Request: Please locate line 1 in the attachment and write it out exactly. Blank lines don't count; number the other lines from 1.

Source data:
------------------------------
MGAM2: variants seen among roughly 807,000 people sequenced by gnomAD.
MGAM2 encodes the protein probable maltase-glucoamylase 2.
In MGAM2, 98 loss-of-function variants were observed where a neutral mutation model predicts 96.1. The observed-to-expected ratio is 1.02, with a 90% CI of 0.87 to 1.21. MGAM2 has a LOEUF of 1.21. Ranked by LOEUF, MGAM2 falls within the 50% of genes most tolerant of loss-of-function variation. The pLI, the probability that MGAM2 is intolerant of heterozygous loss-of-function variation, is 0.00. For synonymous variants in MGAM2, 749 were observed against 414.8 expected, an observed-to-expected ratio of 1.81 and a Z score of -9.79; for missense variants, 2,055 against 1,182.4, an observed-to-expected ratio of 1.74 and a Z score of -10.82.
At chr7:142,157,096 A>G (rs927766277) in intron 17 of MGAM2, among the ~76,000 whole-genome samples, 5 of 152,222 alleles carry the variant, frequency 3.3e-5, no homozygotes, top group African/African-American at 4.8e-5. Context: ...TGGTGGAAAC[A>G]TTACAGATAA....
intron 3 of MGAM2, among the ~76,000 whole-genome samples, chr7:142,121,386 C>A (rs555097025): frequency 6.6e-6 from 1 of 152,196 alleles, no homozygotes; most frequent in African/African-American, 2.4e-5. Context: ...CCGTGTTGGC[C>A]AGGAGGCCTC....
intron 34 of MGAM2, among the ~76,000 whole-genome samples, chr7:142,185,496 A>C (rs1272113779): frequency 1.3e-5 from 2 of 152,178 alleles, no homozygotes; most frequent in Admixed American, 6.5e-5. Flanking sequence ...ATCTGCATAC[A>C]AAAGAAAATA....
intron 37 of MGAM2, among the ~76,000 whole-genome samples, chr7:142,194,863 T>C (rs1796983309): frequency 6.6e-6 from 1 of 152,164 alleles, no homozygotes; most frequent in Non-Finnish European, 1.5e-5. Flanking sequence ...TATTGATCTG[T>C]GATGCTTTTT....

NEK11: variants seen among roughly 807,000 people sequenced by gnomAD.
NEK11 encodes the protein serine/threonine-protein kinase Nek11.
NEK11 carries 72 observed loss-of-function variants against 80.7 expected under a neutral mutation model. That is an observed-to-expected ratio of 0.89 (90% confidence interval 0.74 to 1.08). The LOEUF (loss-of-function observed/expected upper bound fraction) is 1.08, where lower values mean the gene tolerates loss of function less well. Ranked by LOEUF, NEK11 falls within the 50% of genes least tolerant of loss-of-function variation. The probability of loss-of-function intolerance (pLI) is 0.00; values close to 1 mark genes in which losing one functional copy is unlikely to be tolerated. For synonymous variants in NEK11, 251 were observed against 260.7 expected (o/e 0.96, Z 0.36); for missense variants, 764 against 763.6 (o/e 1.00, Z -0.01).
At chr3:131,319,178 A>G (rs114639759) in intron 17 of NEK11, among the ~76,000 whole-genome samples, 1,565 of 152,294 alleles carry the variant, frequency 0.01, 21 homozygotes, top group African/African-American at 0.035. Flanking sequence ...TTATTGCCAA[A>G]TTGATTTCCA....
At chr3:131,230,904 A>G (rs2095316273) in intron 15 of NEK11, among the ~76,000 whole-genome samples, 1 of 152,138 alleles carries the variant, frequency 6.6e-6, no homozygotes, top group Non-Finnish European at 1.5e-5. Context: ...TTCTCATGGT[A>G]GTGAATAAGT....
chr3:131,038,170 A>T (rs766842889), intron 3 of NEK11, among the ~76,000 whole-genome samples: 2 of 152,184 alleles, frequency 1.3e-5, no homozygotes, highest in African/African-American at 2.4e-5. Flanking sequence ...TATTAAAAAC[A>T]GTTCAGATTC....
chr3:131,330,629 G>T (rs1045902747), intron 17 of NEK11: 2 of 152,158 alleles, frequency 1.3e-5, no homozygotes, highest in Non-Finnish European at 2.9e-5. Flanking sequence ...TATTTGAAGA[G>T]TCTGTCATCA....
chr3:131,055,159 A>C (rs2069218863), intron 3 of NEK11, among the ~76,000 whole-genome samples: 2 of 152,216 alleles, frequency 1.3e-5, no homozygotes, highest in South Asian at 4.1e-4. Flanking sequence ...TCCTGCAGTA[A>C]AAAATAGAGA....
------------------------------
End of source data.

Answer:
MGAM2: variants seen among roughly 807,000 people sequenced by gnomAD.